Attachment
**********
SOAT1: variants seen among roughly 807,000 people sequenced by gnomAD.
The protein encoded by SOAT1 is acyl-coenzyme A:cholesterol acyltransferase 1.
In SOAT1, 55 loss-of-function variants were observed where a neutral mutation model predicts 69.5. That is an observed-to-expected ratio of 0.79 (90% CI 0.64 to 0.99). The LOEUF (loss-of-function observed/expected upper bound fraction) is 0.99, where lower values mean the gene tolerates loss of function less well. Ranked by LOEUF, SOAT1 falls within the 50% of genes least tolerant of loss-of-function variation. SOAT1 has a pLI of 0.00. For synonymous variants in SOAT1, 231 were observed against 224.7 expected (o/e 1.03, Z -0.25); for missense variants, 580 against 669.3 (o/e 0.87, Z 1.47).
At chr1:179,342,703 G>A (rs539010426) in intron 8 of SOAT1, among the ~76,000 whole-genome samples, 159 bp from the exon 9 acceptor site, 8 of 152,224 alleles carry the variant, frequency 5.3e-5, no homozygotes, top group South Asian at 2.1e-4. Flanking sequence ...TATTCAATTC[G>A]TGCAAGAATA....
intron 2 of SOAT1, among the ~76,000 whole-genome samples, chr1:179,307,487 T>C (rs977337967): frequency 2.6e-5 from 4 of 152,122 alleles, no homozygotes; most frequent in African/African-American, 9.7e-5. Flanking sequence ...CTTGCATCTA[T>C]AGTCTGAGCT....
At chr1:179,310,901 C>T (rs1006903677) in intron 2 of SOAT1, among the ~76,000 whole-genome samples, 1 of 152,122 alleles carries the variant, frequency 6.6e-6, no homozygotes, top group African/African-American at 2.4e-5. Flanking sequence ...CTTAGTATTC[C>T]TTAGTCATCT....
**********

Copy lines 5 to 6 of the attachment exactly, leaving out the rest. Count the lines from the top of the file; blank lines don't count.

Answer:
intron 2 of SOAT1, among the ~76,000 whole-genome samples, chr1:179,307,487 T>C (rs977337967): frequency 2.6e-5 from 4 of 152,122 alleles, no homozygotes; most frequent in African/African-American, 9.7e-5. Flanking sequence ...CTTGCATCTA[T>C]AGTCTGAGCT....
At chr1:179,310,901 C>T (rs1006903677) in intron 2 of SOAT1, among the ~76,000 whole-genome samples, 1 of 152,122 alleles carries the variant, frequency 6.6e-6, no homozygotes, top group African/African-American at 2.4e-5. Flanking sequence ...CTTAGTATTC[C>T]TTAGTCATCT....